RDF Schema

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RDF Schema
Resource Description Framework Schema
StatusW3C Recommendation
Year startedJanuary 5, 1999; 25 years ago (1999-01-05)[1][2]
First publishedApril 30, 2002; 22 years ago (2002-04-30)[2]
Latest version1.1 (Recommendation)
February 25, 2014; 10 years ago (2014-02-25)[3]
Base standardsRDF
Related standards

RDF Schema (Resource Description Framework Schema, variously abbreviated as RDFS, RDF(S), RDF-S, or RDF/S) is a set of classes with certain properties using the RDF extensible knowledge representation data model, providing basic elements for the description of ontologies. It uses various forms of RDF vocabularies, intended to structure RDF resources. RDF and RDFS can be saved in a triplestore, then one can extract some knowledge from them using a query language, like SPARQL.

The first version[1][4] was published by the World-Wide Web Consortium (W3C) in April 1998, and the final W3C recommendation was released in February 2014.[3] Many RDFS components are included in the more expressive Web Ontology Language (OWL).



RDFS constructs are the RDFS classes, associated properties and utility properties built on the vocabulary of RDF.[5][6][7]


Represents the class of everything. All things described by RDF are resources.
An rdfs:Class declares a resource as a class for other resources.

A typical example of an rdfs:Class is foaf:Person in the Friend of a Friend (FOAF) vocabulary.[8] An instance of foaf:Person is a resource that is linked to the class foaf:Person using the rdf:type property, such as in the following formal expression of the natural-language sentence: 'John is a Person'.

ex:John       rdf:type        foaf:Person 

The definition of rdfs:Class is recursive: rdfs:Class is the class of classes, and so it is an instance of itself.

rdfs:Class    rdf:type        rdfs:Class 

The other classes described by the RDF and RDFS specifications are:

literal values such as strings and integers. Property values such as textual strings are examples of RDF literals. Literals may be plain or typed.
the class of datatypes. rdfs:Datatype is both an instance of and a subclass of rdfs:Class. Each instance of rdfs:Datatype is a subclass of rdfs:Literal.
the class of XML literal values. rdf:XMLLiteral is an instance of rdfs:Datatype (and thus a subclass of rdfs:Literal).
the class of properties.



Properties are instances of the class rdf:Property and describe a relation between subject resources and object resources. When used as such a property is a predicate (see also RDF: reification).

the rdfs:domain of an rdf:Property declares the class of the subject in a triple whose predicate is that property.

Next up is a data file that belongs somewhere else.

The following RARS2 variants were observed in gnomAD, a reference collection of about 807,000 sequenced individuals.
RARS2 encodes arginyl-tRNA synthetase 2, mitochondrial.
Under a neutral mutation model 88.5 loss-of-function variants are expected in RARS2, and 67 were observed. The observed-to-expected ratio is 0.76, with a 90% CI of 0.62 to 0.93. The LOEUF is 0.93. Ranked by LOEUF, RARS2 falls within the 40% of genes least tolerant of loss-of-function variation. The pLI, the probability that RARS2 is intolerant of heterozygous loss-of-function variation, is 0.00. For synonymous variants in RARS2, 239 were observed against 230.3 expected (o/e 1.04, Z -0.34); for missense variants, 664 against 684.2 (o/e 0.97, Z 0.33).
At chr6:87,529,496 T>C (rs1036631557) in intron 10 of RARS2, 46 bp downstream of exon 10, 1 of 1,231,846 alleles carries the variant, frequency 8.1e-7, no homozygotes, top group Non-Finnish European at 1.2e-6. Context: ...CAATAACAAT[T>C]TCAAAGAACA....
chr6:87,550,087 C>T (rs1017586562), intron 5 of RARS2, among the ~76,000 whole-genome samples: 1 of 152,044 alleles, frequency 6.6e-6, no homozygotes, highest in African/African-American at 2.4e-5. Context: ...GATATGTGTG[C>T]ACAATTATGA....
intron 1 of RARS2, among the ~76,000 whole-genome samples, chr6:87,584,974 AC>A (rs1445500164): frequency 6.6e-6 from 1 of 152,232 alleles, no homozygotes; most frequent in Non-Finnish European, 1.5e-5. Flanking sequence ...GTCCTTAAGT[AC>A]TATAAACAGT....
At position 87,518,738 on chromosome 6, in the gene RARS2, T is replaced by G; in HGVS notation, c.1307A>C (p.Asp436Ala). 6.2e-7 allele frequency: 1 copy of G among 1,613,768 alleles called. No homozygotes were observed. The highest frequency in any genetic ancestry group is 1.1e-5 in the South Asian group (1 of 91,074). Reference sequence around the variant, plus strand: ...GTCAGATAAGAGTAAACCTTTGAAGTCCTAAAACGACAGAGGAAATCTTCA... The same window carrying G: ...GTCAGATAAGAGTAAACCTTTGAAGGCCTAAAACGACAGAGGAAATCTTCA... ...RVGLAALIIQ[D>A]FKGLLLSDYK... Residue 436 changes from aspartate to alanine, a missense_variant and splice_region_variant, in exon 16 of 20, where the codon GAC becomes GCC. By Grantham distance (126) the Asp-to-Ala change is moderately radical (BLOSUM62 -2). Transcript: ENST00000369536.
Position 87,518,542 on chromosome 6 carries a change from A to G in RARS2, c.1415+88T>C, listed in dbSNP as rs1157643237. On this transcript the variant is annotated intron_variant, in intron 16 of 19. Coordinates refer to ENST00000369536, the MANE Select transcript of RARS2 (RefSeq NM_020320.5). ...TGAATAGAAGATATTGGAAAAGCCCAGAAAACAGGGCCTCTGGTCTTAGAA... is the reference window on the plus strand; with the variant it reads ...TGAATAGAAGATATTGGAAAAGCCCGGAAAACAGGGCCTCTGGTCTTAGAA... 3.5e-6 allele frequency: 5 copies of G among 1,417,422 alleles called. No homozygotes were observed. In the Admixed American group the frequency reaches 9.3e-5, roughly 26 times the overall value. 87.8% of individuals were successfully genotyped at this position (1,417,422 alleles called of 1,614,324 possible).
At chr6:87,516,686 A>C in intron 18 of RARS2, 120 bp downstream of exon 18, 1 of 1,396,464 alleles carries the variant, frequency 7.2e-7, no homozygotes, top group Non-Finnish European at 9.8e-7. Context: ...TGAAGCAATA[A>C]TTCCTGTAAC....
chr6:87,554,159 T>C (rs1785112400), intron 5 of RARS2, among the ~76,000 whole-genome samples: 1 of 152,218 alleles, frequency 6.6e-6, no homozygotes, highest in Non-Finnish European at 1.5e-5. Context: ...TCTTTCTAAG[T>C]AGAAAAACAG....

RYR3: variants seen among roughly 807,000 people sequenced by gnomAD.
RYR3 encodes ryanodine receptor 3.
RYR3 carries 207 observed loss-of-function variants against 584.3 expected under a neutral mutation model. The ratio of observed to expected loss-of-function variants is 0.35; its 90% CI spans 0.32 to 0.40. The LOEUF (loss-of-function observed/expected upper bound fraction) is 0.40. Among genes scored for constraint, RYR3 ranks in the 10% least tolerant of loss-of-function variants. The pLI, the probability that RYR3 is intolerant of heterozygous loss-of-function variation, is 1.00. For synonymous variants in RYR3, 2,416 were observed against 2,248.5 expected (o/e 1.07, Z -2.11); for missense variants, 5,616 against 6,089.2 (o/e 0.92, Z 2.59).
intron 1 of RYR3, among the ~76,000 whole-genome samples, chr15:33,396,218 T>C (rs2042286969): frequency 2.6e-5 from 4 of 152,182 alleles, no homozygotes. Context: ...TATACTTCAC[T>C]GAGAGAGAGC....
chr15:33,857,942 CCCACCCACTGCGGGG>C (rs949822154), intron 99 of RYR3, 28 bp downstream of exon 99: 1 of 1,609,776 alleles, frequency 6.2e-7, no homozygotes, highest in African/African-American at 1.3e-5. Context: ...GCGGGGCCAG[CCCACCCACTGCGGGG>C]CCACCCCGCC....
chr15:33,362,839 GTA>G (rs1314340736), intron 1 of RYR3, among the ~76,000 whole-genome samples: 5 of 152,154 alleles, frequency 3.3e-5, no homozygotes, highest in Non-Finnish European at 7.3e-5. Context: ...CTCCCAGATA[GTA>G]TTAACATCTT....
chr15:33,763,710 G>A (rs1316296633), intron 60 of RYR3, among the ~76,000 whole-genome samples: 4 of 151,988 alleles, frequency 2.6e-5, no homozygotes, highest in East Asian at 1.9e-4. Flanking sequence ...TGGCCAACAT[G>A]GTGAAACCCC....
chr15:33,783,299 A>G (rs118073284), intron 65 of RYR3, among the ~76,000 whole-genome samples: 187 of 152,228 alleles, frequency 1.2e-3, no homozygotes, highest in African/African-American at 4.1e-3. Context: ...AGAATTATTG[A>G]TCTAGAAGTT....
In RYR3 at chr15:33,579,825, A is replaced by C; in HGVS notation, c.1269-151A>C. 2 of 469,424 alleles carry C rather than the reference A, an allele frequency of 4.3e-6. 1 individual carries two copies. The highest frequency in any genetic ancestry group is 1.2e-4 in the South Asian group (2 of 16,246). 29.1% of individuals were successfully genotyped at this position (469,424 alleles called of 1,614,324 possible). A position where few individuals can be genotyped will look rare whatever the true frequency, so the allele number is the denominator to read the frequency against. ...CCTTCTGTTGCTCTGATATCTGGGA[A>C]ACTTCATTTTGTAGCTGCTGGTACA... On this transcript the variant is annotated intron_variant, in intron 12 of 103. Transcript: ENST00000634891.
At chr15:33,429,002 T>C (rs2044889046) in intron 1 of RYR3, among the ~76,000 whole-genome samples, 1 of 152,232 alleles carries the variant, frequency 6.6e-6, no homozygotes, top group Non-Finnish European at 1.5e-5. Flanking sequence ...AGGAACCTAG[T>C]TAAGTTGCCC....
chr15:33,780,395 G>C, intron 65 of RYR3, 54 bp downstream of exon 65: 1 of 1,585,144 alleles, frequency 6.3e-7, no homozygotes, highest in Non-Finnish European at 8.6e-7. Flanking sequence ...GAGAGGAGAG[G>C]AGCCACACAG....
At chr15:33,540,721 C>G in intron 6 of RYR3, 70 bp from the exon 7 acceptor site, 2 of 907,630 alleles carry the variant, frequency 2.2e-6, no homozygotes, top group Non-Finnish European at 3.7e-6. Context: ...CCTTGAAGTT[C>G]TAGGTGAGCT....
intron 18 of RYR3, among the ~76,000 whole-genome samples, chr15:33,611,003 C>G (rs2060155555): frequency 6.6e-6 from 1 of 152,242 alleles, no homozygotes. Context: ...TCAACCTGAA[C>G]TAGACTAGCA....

the rdfs:range of an rdf:Property declares the class or datatype of the object in a triple whose predicate is that property.

For example, the following declarations are used to express that the property ex:employer relates a subject, which is of type foaf:Person, to an object, which is of type foaf:Organization:

ex:employer	  rdfs:domain  	  foaf:Person ex:employer	  rdfs:range	  foaf:Organization 

Given the previous two declarations, from the triple:

ex:John		  ex:employer	  ex:CompanyX 

can be inferred (resp. follows) that ex:John is a foaf:Person, and ex:CompanyX is a foaf:Organization.

a property used to state that a resource is an instance of a class. A commonly accepted QName for this property is "a".[9]
allows declaration of hierarchies of classes.[10]

For example, the following declares that 'Every Person is an Agent':

foaf:Person	  rdfs:subClassOf	  foaf:Agent 

Hierarchies of classes support inheritance of a property domain and range (see definitions in the next section) from a class to its subclasses.

an instance of rdf:Property that is used to state that all resources related by one property are also related by another.
an instance of rdf:Property that may be used to provide a human-readable version of a resource's name.
an instance of rdf:Property that may be used to provide a human-readable description of a resource.

Utility properties

an instance of rdf:Property that is used to indicate a resource that might provide additional information about the subject resource.
an instance of rdf:Property that is used to indicate a resource defining the subject resource. This property may be used to indicate an RDF vocabulary in which a resource is described.

RDFS entailment


An entailment regime defines whether the triples in a graph are logically contradictory or not. RDFS entailment [11]is not very restrictive, i.e. it does not contain a large amount of rules (compared, for example, to OWL) limiting what kind of statements are valid in the graph. On the other hand it is also not very expressive, meaning that the semantics that can be represented in a machine-interpretable way with the graph is quite limited.

Below in a simple example of the capabilities and limits of RDFS entailment, we start with a graph containing the following explicit triples:

foo:SomeGiraffe rdf:type bar:Animal. foo:SomeElephant rdf:type bar:Elephant. foo:SomeZoo rdf:type bar:Zoo. bar:livesInZoo rdfs:domain bar:Animal. bar:livesInZoo rdfs:range bar:Zoo. foo:SomeElephant bar:livesInZoo foo:SomeZoo. 

Without enabling inferencing with RDFS entailment, the data we have does not tell us whether foo:SomeElephant is a bar:Animal. When we do RDFS-based inferencing, we will get the following extra triple: